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Zane Middle School edible landscape

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Figure-1: The Rainbow Walkway in Eureka California
Figure-1: The Rainbow Walkway at Zane Middle School.

The purpose of the project is to create an edible landscaping that will help incorporate the STEAM (Science, Technology, Engineering, Art, and Math) program that Zane Middle School focuses their curriculum around. The edible landscaping will be an example of the engineering process necessary to create an edible landscape as well as a space for educating students about plants and their care.

Background[edit | edit source]

Team Seedling is composed of four Humboldt State University students: Tanya Garcia, Jax Gill, Jared Goebel and Danielle Holter. They are currently enrolled in the spring semester of 2014 Engr215 Introduction to Design taught by Lonny Grafman. The group is collaborating with Zane Middle School to create an edible landscape on campus that will be utilized by students and community members through out the year. The edible landscape must be aesthetically pleasing so that it attracts students and sparks their interest with nature.

Problem Statement and Criteria[edit | edit source]

The objective of Team Seedling is to add sustainable edible landscaping to Zane Middle School's campus. This landscaping should be low maintenance and child friendly while providing educational value and awareness of the local and native environment. Table-1 lists the criteria that were created along with the specifications and considerations emphasized by Zane Middle School. The criteria are weighted on importance which aids in making the final design decision.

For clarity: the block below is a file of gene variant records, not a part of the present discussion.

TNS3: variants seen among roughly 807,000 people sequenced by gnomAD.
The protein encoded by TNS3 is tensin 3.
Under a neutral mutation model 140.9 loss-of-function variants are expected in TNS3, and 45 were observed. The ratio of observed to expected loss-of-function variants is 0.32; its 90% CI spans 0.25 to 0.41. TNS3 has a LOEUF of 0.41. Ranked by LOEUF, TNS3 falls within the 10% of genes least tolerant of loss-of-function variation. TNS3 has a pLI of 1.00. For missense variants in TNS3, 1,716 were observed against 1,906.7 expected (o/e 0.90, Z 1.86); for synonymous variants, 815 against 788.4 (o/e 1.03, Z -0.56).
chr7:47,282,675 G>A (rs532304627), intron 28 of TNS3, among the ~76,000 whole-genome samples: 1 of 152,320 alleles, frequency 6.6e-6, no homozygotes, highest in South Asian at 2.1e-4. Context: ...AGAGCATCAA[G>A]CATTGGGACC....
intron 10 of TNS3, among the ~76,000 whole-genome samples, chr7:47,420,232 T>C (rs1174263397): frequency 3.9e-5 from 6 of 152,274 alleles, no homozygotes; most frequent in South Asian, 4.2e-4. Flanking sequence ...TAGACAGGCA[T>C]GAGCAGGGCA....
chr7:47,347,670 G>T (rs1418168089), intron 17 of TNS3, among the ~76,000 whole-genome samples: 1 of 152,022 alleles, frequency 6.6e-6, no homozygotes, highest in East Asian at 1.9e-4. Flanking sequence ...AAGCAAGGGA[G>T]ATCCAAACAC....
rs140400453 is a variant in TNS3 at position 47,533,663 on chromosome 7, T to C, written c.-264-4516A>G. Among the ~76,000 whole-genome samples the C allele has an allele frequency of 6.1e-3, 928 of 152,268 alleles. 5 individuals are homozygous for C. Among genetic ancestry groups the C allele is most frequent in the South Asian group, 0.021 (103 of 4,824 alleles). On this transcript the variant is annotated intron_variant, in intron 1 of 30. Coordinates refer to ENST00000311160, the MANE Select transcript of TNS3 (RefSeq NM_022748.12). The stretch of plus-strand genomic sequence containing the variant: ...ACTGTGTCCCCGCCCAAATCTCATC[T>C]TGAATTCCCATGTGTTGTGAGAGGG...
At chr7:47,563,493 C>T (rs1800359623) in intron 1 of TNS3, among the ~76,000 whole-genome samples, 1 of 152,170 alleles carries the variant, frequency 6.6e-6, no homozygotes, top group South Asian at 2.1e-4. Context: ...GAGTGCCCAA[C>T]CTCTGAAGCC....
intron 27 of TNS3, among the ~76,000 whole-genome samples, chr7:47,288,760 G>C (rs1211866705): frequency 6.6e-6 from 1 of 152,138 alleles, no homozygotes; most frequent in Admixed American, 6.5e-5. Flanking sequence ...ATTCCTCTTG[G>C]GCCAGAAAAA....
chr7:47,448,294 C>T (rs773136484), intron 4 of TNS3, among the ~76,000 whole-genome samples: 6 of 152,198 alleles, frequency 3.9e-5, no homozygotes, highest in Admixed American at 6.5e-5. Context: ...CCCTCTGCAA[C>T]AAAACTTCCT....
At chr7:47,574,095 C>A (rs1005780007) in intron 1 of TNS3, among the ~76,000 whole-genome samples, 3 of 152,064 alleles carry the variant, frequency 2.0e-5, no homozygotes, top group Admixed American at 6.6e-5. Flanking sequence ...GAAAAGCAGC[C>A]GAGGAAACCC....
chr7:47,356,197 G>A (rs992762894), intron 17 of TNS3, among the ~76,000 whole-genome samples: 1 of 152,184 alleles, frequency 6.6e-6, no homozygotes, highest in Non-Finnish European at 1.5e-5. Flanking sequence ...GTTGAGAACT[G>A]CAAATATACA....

Table-1: Criteria and Description
Criteria Weight Description
Educational Value 10 Provide educational tools, that include plant names, various facts and class curriculum that connect the project to nutrition and students' lives
Safety 9 No possible projectiles unless in areas where students are supervised, does not block supervisor's lines of visibility
Maintenance 8 <1 hour per month, low to no water after 1st year
Aesthetics 7 Better than status quo, pleasing to the eye
Cost 6 Total < $900, maximize plants per square yard
Cleanliness 6 Does not litter pathways, minimizes pest attraction

Description of final project[edit | edit source]

The Rainbow Walkway is a half oval or "rainbow" consisting of shrubs aligned on the east side of the garden. Within the half oval there is a semicircle with shrubs, ground cover, a bench and a wooden pamphlet holder. There's a 9 foot walk way between the two beds, thus creating a rainbow shape. There are five trees, two of which are to the right of the rainbow and to the left are the other three trees in a triangle shape, equidistant from each other. There is another bed against the northeast fence of the school garden which consists of blueberries, grapes, and ground cover. Thanks to donations and discounts from various sources, this design fits perfectly within the budget. The layout is aesthetically pleasing because of the immense contrast in colors and easy to mow around.